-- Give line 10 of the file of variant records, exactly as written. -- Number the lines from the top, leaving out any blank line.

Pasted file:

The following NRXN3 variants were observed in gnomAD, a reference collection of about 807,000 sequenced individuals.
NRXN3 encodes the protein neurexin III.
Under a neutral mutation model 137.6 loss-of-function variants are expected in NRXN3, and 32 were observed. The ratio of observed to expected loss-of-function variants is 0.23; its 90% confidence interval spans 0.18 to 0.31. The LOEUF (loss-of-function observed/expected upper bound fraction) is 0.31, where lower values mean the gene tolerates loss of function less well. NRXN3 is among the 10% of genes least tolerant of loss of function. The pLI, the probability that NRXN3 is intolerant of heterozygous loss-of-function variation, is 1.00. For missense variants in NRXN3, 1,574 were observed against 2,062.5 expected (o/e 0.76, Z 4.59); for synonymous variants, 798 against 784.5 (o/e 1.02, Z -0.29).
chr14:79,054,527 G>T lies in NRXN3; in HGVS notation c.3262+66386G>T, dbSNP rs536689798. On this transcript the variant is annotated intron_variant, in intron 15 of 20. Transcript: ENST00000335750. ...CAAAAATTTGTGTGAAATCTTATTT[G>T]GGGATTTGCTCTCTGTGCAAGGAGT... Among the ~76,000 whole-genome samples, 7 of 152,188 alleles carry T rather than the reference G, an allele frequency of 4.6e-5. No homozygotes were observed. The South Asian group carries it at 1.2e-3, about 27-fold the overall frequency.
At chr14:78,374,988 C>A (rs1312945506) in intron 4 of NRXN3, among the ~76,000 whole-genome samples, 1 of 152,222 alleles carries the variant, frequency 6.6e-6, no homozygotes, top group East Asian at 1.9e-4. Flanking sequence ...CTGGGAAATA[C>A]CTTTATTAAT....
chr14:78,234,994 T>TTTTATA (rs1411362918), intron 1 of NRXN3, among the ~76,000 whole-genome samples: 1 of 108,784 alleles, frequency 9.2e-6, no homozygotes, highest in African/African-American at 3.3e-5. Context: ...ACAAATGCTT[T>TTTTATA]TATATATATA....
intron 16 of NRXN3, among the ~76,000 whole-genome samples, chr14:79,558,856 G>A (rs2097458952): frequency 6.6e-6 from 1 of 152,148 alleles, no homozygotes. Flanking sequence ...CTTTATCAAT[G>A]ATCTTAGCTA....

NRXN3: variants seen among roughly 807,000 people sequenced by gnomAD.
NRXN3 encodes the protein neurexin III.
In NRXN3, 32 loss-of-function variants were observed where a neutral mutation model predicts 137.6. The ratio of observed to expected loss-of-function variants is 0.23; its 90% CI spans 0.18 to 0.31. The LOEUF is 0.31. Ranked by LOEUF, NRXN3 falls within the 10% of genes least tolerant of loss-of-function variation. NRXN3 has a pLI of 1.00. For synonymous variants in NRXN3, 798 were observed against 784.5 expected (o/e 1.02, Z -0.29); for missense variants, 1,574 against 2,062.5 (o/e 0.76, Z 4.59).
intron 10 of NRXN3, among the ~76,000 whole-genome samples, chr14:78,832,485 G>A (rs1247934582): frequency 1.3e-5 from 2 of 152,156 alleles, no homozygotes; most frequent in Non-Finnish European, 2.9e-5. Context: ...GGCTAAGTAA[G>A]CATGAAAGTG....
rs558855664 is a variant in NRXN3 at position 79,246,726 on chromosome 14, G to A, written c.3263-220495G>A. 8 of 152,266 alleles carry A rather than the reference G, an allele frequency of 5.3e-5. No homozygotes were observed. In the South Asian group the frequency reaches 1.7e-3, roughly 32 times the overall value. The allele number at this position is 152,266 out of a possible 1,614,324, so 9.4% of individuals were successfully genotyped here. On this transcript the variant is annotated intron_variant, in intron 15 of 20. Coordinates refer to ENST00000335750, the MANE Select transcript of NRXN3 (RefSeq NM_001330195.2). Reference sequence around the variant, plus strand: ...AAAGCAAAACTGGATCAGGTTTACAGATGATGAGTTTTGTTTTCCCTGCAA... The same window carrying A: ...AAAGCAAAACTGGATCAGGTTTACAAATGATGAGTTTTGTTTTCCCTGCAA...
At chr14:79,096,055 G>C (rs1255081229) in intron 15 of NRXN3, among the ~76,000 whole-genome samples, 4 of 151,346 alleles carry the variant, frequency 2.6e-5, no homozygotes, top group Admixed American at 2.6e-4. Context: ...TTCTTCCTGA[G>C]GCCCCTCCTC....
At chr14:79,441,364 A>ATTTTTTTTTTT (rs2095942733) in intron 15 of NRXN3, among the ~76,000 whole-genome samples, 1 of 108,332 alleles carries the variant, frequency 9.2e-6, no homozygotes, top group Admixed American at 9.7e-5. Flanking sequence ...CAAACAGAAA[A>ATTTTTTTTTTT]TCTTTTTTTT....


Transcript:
In NRXN3, 32 loss-of-function variants were observed where a neutral mutation model predicts 137.6. The ratio of observed to expected loss-of-function variants is 0.23; its 90% CI spans 0.18 to 0.31. The LOEUF is 0.31. Ranked by LOEUF, NRXN3 falls within the 10% of genes least tolerant of loss-of-function variation. NRXN3 has a pLI of 1.00. For synonymous variants in NRXN3, 798 were observed against 784.5 expected (o/e 1.02, Z -0.29); for missense variants, 1,574 against 2,062.5 (o/e 0.76, Z 4.59).